The other problem with public lists is the number of lists people get included on. Congratulations folks, we now have another metric of how popular the A-list is. Shortly, we will see new “influencer” lists based on how many lists people are included on. Given that I am on a context kick lately, it was a major concern for me. I know that people like Ashton Kutcher will be on a bunch of lists, and he will be seen as a big influencer on Twitter. The question is not how many lists is he on, but who is following him? People following him are likely into pop culture and entertainment. If you want to influence those demographics, then target Ashton, otherwise his huge following may prove useless.

Why Have Public Lists?

Chris Brogan has an interesting post on Twitter lists, especially because he talks about being left out of lists. It is interesting because he will be on a lot of lists. He reiterates the elitism concern and how it feels to be on the other side. However, I think the problem is not elitism as much as popularity. Many of the people on a lot of lists are already very popular, so we could think of the number of lists a person is on as their popularity metric.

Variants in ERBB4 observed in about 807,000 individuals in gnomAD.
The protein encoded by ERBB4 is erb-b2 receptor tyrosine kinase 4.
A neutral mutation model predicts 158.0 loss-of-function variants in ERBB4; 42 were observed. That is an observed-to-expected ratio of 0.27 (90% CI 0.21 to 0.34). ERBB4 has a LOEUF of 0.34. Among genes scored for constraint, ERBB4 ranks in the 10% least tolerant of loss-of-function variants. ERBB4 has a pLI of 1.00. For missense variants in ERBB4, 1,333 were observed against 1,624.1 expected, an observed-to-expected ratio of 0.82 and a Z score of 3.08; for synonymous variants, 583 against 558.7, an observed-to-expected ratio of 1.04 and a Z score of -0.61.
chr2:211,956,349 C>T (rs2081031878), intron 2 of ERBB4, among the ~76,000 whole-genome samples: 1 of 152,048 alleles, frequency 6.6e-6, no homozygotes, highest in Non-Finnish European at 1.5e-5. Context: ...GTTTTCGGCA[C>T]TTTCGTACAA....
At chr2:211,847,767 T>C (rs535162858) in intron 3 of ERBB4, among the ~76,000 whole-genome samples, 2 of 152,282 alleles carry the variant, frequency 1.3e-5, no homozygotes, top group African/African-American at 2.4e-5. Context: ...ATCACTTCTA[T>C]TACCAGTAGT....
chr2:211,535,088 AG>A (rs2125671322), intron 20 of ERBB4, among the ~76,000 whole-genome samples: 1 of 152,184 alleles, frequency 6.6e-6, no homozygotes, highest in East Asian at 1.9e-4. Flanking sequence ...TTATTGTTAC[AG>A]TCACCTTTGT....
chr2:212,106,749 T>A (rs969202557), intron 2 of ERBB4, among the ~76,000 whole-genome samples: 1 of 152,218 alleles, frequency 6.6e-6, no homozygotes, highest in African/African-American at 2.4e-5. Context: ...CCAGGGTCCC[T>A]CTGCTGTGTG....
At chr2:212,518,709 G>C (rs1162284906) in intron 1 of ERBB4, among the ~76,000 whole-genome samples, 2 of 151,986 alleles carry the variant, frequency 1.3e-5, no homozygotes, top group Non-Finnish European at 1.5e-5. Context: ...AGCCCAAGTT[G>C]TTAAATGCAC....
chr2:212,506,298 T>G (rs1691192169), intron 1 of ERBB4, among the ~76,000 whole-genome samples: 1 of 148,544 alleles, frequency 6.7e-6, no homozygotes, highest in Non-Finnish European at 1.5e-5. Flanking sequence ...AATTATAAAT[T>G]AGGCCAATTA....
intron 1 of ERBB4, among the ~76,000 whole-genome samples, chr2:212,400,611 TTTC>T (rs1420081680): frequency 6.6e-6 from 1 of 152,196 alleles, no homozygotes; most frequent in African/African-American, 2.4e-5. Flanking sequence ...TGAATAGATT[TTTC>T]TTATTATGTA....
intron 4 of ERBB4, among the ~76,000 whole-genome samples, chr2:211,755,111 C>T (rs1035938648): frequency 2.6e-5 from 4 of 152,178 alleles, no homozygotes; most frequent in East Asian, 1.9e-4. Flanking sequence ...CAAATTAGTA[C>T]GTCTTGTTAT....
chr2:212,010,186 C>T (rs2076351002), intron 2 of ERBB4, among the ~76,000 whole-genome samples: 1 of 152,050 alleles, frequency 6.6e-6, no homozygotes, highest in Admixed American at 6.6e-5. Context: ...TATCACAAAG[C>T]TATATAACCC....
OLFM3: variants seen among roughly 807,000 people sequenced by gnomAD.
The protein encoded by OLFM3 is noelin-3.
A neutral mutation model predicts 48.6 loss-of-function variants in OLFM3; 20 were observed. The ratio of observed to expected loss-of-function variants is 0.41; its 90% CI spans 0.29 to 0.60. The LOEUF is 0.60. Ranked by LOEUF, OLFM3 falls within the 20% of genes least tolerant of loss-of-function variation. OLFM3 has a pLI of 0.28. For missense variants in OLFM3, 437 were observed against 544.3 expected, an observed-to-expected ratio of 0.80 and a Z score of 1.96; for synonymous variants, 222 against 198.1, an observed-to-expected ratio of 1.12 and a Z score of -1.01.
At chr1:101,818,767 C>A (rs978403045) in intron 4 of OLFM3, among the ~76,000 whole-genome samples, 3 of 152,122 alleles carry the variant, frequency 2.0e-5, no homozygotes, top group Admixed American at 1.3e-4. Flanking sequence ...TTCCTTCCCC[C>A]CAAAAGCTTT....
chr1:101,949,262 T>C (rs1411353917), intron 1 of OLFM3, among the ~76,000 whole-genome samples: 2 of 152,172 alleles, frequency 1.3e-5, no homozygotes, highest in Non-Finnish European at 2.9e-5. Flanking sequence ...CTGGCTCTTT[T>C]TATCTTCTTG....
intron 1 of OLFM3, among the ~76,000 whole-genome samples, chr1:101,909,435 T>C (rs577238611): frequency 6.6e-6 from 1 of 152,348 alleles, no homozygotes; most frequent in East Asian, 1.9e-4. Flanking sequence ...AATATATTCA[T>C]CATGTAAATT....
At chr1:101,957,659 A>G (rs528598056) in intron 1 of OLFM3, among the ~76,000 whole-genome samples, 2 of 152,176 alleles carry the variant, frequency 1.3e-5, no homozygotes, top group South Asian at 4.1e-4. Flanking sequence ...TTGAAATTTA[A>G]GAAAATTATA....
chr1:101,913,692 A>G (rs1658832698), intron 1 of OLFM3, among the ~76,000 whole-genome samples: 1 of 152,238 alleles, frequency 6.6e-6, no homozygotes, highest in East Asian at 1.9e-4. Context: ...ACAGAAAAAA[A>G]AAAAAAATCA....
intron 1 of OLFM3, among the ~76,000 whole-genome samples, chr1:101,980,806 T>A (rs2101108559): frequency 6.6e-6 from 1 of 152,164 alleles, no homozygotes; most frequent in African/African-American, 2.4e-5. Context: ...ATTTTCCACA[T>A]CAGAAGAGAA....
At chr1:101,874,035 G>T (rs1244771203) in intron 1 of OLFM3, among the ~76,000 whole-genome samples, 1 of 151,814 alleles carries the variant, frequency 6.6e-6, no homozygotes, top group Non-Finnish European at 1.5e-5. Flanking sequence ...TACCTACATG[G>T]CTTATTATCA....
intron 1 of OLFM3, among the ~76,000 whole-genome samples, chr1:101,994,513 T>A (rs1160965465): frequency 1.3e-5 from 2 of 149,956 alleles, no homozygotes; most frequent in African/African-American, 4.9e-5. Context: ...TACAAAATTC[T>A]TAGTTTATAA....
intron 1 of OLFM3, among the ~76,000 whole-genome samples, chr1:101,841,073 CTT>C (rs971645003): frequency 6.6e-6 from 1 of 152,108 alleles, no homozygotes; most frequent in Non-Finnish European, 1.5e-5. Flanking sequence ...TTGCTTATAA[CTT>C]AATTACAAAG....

So, why have public lists at all? Many people tend to disagree with how Twitter has been built and how features have been added. However, one thing people are ignoring is that the Twitter team knows how to get more people using the service. This is all about viral growth. Think of the benefits of having someone find a list of tech bloggers from Louis Gray that has 200 people. If I decide to follow that list, I have just added 200 people to my subscriptions. By doing so, I have added a large batch of people without really cluttering my current user experience. By adding that many people quickly, I can quickly mention the list to someone and the network distribution effects begin.